Remember that part where we talked about making sure your cases were clean and well lubricated, free of grit, and other debris? Well if you forgot about it, or if you just plain old screwed up, or if the gods hold you in ill regard, the outcome will occasionally and inevitably be a stuck case. You’re resizing happily zoning on tunes from your iPod or whatever, and the case goes in a little hard and…
Oh Poo! you’re pulling down on the press lever and nothing on God’s Green Earth will allow that case to budge. You go gorilla on it, and you finally you succeed in ripping off part of the rim. But the case is firmly and irrevocably stuck in your resizing die. Fear not, help is on the way, the Stuck Case Removal Kit!
I have found that it’s easier to unscrew the die and screw it back into the press upside down for the next part of the operation, namely drilling out the primer pocket. The Stuck Case Removal Kit comes with a drill bit, a tap, a bolt, and a cup, all of which are used in this process. So, first we drill out the case primer pocket as shown. Be careful in this step not to bugger up your dies with excessive enthusiasm or rushing.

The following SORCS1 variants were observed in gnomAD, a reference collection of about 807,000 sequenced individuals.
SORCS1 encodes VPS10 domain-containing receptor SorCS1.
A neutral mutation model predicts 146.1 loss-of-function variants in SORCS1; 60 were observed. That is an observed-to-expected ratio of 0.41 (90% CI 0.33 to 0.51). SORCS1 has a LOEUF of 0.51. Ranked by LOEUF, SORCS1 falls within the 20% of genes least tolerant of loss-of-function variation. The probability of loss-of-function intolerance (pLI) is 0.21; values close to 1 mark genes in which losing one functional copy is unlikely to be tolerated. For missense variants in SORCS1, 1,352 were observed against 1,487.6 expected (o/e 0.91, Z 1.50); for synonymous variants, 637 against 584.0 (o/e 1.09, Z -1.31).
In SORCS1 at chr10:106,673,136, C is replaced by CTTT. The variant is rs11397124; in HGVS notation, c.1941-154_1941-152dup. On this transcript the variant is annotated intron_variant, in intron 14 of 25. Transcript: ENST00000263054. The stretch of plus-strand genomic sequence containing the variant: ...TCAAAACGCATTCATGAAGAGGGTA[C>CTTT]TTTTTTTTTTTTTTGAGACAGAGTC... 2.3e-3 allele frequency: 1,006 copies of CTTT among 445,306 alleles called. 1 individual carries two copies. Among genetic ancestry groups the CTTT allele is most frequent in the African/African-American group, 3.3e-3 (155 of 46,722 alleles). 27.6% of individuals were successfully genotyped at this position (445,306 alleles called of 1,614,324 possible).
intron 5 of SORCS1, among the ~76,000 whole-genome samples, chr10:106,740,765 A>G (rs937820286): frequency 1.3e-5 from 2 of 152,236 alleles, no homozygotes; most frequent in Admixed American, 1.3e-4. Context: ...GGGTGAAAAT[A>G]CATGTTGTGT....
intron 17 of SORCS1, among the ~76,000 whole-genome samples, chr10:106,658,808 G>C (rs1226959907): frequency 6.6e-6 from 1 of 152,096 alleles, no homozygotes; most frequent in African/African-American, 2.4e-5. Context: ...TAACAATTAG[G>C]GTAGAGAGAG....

Next, using the supplied tap, tap the hole left by the drill.
Run the tap in and out of the hole a couple of times to make sure the threads are clear of brass shavings. It should look something like this when you are done.
Next you will place the threaded bolt through the closed end of the cup and thread it into the now threaded case base.
Take up the slack threading the bolt until the cup rests against the base of the die. Then secure the die in a vise using leather or wood to protect the threads of the die. Be careful not to over tighten the vise. Make it just tight enough to prevent the die from turning as you torque down on the threaded bolt pulling the stuck case from the die.
Unscrew the bolt from the case and return the parts to the box for the next time you will require them (and you will require them). Take a moment and check the lubrication of your case batch. This is typically the issue with stuck cases. Drop the buggered case into your scrap brass collection and be happy brass is selling for close to three bucks a pound and you just saved a couple of ounces! 😉